Usage get distributed between the three units. Unfortunately running all of this from one metered connection puts an awful lot of the kwh used in the maximum price bracket. (I average about 1100 kwh) 

Tony 700 kwh

Skoonma and me 400

And everyone want's to claim the full discounted rate, I can just imagine.

It can still be done fairly and proportionately, that's easy, but having to justify it on a constant basis will be more than life's worth.

 

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38 minutes ago, phil.g00 said:

And everyone want's to claim the full discounted rate, I can just imagine.

Just split it down the middle... Poor Tony's gonna get the brunt of it, but it's probably fair?

49 minutes ago, gertvanjoe said:

Skoonma and me 400

Ek en my skoonma... bly in 'n woonwa... 🙂

 

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2 hours ago, phil.g00 said:

And everyone want's to claim the full discounted rate, I can just imagine.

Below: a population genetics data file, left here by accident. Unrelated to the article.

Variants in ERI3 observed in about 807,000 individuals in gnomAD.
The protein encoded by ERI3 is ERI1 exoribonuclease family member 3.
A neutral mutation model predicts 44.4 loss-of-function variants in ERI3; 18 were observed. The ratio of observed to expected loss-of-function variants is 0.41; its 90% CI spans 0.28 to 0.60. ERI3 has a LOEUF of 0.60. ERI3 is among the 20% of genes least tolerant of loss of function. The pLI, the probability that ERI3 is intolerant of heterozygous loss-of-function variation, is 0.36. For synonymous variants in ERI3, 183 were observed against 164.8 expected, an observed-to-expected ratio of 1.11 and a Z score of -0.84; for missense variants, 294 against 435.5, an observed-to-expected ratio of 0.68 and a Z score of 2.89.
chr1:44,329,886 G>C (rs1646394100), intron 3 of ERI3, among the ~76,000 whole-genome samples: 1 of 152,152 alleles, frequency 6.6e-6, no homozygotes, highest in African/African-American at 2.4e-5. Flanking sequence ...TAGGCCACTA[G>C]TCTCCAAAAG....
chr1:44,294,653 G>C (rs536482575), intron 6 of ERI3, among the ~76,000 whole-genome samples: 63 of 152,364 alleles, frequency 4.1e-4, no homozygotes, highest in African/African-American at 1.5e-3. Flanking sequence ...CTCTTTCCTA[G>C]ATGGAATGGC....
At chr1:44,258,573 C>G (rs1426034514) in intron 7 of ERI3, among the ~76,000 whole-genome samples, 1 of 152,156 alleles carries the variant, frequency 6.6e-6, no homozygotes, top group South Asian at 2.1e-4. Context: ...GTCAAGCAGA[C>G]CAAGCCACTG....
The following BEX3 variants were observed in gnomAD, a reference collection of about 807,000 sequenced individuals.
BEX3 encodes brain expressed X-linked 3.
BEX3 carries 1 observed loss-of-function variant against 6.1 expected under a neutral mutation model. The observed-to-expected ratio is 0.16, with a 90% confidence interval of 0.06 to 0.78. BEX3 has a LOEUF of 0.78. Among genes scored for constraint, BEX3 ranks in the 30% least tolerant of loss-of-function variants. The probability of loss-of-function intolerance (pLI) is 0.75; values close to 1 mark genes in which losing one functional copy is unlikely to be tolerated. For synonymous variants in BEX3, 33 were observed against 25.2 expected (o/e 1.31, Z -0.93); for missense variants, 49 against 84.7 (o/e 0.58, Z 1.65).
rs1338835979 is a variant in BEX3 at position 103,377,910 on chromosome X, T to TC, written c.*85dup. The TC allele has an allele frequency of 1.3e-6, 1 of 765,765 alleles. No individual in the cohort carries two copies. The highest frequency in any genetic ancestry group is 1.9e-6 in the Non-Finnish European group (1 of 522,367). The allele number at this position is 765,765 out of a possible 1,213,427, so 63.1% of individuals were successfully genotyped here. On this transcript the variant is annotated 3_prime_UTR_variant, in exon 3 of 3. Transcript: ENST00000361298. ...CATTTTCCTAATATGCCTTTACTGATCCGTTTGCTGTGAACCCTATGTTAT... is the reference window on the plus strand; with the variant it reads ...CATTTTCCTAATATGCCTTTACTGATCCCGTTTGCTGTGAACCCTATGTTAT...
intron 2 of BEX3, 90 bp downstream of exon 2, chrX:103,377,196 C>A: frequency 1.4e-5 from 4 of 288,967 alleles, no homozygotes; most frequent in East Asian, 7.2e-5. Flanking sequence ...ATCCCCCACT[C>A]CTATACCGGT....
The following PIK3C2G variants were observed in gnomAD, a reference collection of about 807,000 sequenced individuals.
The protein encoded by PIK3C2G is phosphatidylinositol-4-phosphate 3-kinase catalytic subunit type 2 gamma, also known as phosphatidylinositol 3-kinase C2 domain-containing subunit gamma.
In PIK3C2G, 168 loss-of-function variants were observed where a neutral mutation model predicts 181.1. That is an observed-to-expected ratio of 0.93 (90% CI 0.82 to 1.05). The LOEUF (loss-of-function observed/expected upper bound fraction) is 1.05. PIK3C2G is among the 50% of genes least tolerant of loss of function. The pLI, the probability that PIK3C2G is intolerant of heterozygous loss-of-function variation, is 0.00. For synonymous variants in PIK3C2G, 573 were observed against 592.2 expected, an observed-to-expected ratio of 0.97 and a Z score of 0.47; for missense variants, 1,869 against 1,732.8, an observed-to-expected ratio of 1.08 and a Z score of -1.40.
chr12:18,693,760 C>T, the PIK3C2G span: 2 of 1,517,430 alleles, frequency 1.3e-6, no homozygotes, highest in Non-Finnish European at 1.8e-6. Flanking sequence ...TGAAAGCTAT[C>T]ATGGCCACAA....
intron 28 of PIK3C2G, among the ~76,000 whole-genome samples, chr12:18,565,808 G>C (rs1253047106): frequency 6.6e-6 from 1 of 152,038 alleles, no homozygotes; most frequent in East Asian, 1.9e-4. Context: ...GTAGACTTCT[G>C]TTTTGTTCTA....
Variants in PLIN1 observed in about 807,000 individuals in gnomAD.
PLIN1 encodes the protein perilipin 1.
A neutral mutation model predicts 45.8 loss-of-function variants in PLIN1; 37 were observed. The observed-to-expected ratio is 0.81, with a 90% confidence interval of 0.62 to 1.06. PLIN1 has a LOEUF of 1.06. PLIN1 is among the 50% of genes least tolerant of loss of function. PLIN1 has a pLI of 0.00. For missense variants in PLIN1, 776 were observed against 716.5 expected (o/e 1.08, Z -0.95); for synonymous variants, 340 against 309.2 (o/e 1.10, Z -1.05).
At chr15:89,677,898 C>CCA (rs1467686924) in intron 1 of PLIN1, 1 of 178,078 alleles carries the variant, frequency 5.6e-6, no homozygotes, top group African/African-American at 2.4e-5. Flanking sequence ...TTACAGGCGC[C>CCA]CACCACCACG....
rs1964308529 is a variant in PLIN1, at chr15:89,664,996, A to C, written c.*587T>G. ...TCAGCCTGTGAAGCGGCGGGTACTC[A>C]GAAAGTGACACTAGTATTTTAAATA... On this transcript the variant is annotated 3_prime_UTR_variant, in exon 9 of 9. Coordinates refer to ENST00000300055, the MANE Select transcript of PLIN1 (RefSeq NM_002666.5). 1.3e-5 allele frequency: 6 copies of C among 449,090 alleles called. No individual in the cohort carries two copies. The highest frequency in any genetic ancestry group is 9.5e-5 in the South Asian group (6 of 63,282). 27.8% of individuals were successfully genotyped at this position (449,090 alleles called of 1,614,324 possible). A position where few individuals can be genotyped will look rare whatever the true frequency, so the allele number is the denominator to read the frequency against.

It can still be done fairly and proportionately, that's easy, but having to justify it on a constant basis will be more than life's worth.

 

I do it fairly. The bill is based on percentage used (which probably puts hurts me, but I'd rather have renters and a bill hurting than no renters and a small bill). For me it is also not worth the hassle of sub-metered kwh units (unless I can get two metered connections directly from the municipality). 

 

Back to the main topic, thanks for everyone's input so far. I have had my eye on a few inverters so far but had been mis-informed about only the Victron being able to blend. I will go and see which one best suits my needs and go with that far now. I have a feeling that the savings from getting the two geysers off the grid alone (included its running cost) alone will pay for itself in a time-span I am quite happy with. Add to that the fact that the blending will lower it even more and top it off with the fact that I would be able to pocket the included portion of the rent that has been added as a base cost for electricity (before metering was installed, I now bill them and subtract their base cost ) it'll be swell. I will think of it as their rent increase (something I hate discussing, never had to as the previous renters moved before I really could justify a proper increase, but seems like Tony wants to grow old here, which I don't mind at all)